- Ensure long-term stability for employees
- Maintain balance between work and family
- Listen to your customers and treat them with respect
- Submit the cheapest and most honest estimate
- Drink only in moderation
Even though the Buddhist temple construction and repair business is a pretty stable one, they still had to contend with a lot of changes over their 1,400 year history. Part of what helped was that they had unusually flexible succession planning; even though the company technically was in the same family for 40 generations, control of the company didn’t automatically go to the eldest son; it went to the person in the family who was deemed the most competent, and sometimes that person was someone who was related by marriage.
Kongo Gumi not only only built temples that were designed to last centuries, but they also built relationships with their customers that lasted for centuries.
In the 20th century, Kongo Gumi branched out into private and commercial construction, which helped compensate for the decline in the temple business. They also didn’t shy away from changes in technology; they were the first in Japan to combine traditional wooden construction with concrete, and the first to use CAD software to design temples.
And while Kongo Gumi’s business had declined as they entered the 21st century, what ultimately did them in were speculative investments that they had made in the 80’s and early 90s in the Japanese real estate bubble.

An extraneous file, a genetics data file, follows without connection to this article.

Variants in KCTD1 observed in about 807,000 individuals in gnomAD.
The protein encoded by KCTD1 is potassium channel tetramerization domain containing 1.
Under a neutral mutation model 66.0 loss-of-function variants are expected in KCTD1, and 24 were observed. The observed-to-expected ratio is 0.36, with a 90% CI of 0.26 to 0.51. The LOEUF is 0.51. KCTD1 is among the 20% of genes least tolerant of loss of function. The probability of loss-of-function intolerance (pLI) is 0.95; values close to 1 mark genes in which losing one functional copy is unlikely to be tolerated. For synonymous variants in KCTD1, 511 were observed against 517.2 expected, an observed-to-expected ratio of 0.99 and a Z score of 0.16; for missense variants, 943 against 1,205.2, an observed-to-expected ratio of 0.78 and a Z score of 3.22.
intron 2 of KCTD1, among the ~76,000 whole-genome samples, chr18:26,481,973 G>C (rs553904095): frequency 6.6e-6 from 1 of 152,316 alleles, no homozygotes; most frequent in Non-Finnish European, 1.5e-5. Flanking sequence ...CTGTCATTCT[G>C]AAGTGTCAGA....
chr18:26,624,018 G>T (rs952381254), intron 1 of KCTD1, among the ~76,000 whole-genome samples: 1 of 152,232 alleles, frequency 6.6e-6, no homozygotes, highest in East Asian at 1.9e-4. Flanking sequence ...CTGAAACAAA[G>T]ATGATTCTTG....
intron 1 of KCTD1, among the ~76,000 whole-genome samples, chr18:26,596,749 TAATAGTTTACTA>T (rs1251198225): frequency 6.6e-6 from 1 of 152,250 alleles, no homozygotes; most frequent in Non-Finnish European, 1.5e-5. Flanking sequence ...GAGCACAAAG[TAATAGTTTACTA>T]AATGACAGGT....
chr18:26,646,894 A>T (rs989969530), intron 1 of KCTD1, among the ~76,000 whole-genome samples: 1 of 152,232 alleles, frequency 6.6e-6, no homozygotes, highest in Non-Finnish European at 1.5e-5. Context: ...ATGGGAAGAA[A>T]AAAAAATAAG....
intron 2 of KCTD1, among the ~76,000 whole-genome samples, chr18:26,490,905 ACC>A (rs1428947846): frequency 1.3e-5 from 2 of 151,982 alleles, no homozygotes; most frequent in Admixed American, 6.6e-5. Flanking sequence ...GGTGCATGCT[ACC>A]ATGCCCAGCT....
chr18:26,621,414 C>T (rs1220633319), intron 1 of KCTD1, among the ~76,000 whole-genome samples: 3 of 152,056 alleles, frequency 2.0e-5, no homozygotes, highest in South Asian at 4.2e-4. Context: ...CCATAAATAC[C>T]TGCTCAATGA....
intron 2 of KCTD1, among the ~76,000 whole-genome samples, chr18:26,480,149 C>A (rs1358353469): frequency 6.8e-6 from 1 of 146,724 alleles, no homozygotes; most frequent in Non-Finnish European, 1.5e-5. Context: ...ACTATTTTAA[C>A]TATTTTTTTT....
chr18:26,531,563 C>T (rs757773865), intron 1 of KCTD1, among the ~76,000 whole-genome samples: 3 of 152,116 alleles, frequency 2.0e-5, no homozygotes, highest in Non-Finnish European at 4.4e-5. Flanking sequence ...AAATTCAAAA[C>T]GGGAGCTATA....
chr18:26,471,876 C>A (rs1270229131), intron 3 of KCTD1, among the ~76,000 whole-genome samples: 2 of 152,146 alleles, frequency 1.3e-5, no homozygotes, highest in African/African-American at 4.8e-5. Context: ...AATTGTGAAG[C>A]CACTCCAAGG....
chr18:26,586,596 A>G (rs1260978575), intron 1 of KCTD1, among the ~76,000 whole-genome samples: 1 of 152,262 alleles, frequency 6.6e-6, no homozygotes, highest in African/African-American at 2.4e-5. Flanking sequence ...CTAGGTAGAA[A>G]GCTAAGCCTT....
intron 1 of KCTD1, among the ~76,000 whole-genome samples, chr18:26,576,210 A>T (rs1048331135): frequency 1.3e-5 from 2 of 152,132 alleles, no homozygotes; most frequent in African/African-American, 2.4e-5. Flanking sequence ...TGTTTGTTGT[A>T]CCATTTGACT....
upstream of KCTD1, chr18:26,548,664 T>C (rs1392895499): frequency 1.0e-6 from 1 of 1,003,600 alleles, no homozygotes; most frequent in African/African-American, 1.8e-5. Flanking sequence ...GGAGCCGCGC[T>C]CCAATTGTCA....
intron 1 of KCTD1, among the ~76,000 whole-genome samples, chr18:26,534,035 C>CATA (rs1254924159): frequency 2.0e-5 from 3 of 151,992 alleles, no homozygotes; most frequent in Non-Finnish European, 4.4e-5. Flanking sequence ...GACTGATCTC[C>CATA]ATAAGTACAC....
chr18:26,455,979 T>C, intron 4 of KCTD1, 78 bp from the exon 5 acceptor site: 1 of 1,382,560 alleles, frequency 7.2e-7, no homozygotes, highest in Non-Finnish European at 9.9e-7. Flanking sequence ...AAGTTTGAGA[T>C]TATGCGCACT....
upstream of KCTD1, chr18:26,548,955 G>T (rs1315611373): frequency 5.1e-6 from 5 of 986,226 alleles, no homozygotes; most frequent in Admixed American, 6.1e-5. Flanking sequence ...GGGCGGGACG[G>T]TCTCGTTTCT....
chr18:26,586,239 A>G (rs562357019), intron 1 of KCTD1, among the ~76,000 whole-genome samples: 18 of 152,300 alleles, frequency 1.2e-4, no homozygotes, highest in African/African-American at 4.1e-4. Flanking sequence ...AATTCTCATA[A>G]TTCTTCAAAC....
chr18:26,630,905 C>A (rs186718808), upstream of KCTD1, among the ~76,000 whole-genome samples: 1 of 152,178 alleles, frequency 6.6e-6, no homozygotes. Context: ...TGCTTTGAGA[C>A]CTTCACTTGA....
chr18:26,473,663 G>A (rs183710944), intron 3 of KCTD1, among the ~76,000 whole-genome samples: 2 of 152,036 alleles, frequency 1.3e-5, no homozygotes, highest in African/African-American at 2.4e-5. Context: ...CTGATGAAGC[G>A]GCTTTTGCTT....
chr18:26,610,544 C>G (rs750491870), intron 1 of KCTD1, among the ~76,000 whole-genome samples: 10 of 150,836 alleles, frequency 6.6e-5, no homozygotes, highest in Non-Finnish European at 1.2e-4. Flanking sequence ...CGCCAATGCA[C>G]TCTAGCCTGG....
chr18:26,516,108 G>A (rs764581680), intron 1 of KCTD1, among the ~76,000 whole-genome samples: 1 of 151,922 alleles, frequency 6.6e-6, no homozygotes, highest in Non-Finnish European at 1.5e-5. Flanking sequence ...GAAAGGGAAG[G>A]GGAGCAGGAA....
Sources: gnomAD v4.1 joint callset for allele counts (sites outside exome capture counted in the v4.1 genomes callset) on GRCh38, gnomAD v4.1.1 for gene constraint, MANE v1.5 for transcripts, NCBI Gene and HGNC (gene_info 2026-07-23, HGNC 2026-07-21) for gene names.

Even though they were still earning more than $65 million a year in revenue in the mid-2000s, Kongo Gumi was massively over-leveraged and unable to service the more than $343 million in debt they had accumulated since the collapse of the bubble, and they ended up being absorbed by a larger construction firm.
Principles are designed to help answer the question of *how* a company does things, and what criteria they should use to make decisions. In the end, Kongo Gumi was no longer able to survive as an independent entity after 1,400 years in business not because of economic upheaval or changes in technology, but because they strayed from their core principles, stopped taking the long view, and went for the quick cash.
Companies that want to be successful in the long run need to identify their core principles and stick to them, even when doing so means passing up potentially lucrative opportunities in the short term.
Regardless of whether the business involves building Buddhist temples, making chocolate-covered pecans, or building websites, a focus on sustainability over growth encourages companies to put customers and employees first, instead of shareholders and investors. These kinds of companies are uniquely positioned to learn from their failures, build on success, and learn how to thrive in an ever-changing business landscape.
AM: Thank you George! George will be presenting his session, Finding Your Purpose as a Drupal Agency at DrupalCon New Orleans on Wednesday, May 11. You can find out more on our website at palantir.net and in the notes for this particular podcast episode.
If you want to see George’s presentation from DrupalCon Barcelona last year on Architecting Drupal Businesses that are Built to Last, you can also find that link in the notes for this episode as well.